opens many possibilities for expanding textbooks to accommodate linguistic and cultural diversity – something international students already do when they purchase two (physical) textbooks, one that is not only in their home language but also in their home pedagogical culture (Bailey, 2016; Kim & Mizuishi, 2014)
Bates cautions that there is still an agency role to structure and accredit that knowledge acquisition (Bates, 2011), but in a globally mobile and fluid workforce, those aggregators will need to accommodate different cultures of learning. Public/private educational entities such as Singapore’s Institute of Technical Education are taking a regional lead in exporting their vocational training through their educational services division (Chong, 2014; ITEES, 2015; Li, Yao, & Chen, 2014).
Similarly consideration could be given to using the models and algorithms in the field of adaptive learning (Charles Sturt University, n.d.) and personalisation in order to create cultural adaptations based on parameters set by students.
Two universities, although very different in design are using innovative online technology, Kiron University to give refugees the opportunity to further their education (Bates, 2015) and Minerva University to give fee paying students a global education that is location independent for both students and professors (Wood, 2014). Such disruptive models of higher education raise all kinds of questions on the implications of digital learning including whether scholarship and research will continue if scholarship is not directly visible or rewarded (Harry Lewis, cited by Wood, 2014).
Implications for scholarly practice
In order to understand the role of technology, Kalantzis and Cope (2015) go back to the etymology of ‘media’ as agents bridging meaning across space and time to facilitate communication, understanding and learning. This has huge implications for scholarly practice.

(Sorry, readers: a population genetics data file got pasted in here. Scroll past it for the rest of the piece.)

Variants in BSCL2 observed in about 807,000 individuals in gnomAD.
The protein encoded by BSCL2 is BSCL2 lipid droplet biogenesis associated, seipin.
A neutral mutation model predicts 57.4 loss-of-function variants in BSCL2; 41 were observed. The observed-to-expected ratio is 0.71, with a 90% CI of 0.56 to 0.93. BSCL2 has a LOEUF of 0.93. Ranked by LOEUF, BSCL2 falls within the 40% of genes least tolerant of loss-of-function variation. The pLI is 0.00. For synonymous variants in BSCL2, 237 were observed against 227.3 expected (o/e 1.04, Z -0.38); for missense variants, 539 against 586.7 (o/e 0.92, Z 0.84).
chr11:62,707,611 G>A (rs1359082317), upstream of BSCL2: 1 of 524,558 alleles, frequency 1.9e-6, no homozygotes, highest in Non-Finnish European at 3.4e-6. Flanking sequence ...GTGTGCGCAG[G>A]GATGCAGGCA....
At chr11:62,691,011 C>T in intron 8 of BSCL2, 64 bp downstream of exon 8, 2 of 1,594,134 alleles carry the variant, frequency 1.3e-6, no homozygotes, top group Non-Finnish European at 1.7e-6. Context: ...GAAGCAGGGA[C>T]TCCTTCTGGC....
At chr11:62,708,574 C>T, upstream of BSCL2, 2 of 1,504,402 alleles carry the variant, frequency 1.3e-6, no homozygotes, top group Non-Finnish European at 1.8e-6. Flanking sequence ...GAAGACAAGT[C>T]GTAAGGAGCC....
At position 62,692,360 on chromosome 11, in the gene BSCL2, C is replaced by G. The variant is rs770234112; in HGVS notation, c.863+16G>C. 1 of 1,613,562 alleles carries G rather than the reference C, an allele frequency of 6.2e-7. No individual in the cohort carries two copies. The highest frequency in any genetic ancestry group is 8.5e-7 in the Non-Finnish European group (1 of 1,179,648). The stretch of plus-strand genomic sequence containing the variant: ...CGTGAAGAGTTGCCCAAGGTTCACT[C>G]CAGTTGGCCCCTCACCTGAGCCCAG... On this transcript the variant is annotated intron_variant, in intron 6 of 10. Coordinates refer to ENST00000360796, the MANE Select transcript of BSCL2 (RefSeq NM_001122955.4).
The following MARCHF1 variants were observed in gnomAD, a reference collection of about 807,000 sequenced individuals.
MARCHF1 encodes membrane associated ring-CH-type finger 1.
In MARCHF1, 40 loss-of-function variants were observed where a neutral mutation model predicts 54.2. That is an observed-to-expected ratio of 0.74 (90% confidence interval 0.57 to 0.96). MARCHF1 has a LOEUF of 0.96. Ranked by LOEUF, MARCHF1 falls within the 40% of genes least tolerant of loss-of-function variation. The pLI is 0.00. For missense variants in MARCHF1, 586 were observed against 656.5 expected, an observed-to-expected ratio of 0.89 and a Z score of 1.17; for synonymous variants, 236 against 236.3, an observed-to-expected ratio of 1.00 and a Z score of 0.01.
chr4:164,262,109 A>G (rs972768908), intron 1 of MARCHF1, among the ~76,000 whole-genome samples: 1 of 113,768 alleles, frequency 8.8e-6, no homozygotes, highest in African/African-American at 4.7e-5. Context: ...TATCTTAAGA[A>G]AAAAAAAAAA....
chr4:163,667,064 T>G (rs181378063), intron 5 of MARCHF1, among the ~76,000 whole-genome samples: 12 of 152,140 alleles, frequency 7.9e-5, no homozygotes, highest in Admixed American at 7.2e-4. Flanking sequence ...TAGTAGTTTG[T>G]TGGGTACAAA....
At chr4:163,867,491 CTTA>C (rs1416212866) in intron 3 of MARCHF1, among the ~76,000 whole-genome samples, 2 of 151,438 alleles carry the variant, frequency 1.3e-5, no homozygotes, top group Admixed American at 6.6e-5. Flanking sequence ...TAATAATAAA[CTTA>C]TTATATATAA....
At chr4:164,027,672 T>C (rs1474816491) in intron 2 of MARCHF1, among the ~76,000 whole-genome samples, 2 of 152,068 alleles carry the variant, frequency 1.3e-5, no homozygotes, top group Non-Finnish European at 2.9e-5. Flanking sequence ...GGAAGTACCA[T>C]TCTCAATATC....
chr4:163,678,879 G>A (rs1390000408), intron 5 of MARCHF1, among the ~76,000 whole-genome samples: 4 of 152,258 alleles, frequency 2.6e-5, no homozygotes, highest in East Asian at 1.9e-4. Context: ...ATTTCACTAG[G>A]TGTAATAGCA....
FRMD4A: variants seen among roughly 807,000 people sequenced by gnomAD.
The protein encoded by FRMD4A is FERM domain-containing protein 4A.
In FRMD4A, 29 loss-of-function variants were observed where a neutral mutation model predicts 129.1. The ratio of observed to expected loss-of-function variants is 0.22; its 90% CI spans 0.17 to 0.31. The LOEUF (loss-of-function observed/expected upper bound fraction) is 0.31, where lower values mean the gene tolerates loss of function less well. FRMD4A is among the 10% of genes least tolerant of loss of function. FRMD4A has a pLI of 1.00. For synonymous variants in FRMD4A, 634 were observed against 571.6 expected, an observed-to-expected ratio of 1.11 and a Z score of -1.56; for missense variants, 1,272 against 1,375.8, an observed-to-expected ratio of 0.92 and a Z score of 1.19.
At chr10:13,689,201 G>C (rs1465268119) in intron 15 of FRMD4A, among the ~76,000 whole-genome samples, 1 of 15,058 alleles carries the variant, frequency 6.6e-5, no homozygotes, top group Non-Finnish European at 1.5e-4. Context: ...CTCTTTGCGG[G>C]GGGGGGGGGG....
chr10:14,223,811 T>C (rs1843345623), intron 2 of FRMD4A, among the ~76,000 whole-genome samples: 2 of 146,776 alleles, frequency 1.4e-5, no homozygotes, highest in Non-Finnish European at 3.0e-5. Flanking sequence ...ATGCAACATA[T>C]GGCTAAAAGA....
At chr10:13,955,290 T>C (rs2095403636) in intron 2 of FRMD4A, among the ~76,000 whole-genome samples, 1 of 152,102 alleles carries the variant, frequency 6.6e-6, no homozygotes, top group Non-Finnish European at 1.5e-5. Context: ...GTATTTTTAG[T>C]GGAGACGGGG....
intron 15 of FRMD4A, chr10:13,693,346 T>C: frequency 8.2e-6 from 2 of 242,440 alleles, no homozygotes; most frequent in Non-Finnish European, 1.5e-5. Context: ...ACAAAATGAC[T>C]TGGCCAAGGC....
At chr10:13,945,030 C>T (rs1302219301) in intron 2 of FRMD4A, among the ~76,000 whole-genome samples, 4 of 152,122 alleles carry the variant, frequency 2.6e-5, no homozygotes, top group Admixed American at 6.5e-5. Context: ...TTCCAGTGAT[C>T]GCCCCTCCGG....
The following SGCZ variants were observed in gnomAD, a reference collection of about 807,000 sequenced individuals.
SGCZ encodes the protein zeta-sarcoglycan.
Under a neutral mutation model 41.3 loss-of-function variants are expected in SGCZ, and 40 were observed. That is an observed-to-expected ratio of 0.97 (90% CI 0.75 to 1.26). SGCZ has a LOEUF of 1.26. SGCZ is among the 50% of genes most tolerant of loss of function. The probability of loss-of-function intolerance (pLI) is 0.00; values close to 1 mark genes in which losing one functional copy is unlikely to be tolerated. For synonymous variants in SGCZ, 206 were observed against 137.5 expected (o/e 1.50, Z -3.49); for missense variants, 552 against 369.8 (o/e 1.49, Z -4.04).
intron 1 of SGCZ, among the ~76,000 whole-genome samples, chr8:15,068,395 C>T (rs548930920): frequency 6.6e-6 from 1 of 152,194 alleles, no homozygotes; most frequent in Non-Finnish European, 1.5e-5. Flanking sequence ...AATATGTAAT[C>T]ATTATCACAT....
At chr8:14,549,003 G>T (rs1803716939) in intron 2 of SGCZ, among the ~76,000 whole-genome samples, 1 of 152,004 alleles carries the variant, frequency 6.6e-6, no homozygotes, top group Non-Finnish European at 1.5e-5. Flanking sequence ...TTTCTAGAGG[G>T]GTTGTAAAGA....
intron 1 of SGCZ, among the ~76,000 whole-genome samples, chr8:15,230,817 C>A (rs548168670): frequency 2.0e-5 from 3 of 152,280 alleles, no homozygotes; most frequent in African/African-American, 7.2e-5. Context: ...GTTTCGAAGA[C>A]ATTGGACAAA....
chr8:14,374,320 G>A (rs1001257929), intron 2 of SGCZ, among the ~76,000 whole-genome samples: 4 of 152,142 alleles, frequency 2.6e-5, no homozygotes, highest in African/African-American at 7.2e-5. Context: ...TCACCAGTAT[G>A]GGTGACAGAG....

Literature on global collaboration in the classroom (Higgitt et al., 2008; Thombs, Ivarsson, & Gillis, 2011), the research process (Siemens & Burr, 2013; Siemens, Cunningham, Duff, & Warwick, 2011) and online conferencing (LaPointe & Gunawardena, 2004) enumerates many benefits of such collaboration. These include but are not limited to the opening of and access to new knowledge; flattening of hierarchies, easier discovery and connection mechanisms; extending the reach and equity of scholars and reducing costs. Some of the problems however, include issues with technological difficulties and failure, differences in equipment standards and capabilities, scheduling issues due to time differences, misunderstandings due to language, the nature of computer-mediated communication including its text-basis, time-independence, asynchronous nature and inability to interpret culturally based non-verbal cues (Pearce et al., 2012; Selwyn, 2010; Veletsianos & Kimmons, 2012a, 2012b; Weller, 2011).
Of these, language remains a significant barrier to open access international research and learning. Even where all members of a research team are proficient in a language (usually English), research in other languages may not be accessible to non-speakers (Loan & Sheikh, 2016; Ren & Montgomery, 2015), and language and cultural norms may be intertwined where nuance can result in misunderstanding (Siemens & Burr, 2013). As translation software continue to evolve will more students be able to study and do internationally recognised and disseminated research in their home language, (Cheesman et al., 2016; Palaiologou, 2007; Sadykova, 2014)? Or will the dominance of English prevail – albeit with a move to “global English” as envisioned by Schell (2007) and what will be lost as a result?
Digital scholarship within the context of international and globalised education could benefit from additional critical reflection into the assumptions concerning and attitudes towards multi-cultural and multi-lingual students and fellow researchers. Given the plethora of technological tools, research, knowledge and practice in non-BANA educational institutions, of intrepid researchers in BANA institutions and of multi-national corporations there are ample examples of best practice and the potential to positively impact student learning and educational scholarship in the digital realm.
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Appendix 1: Illustrations of Models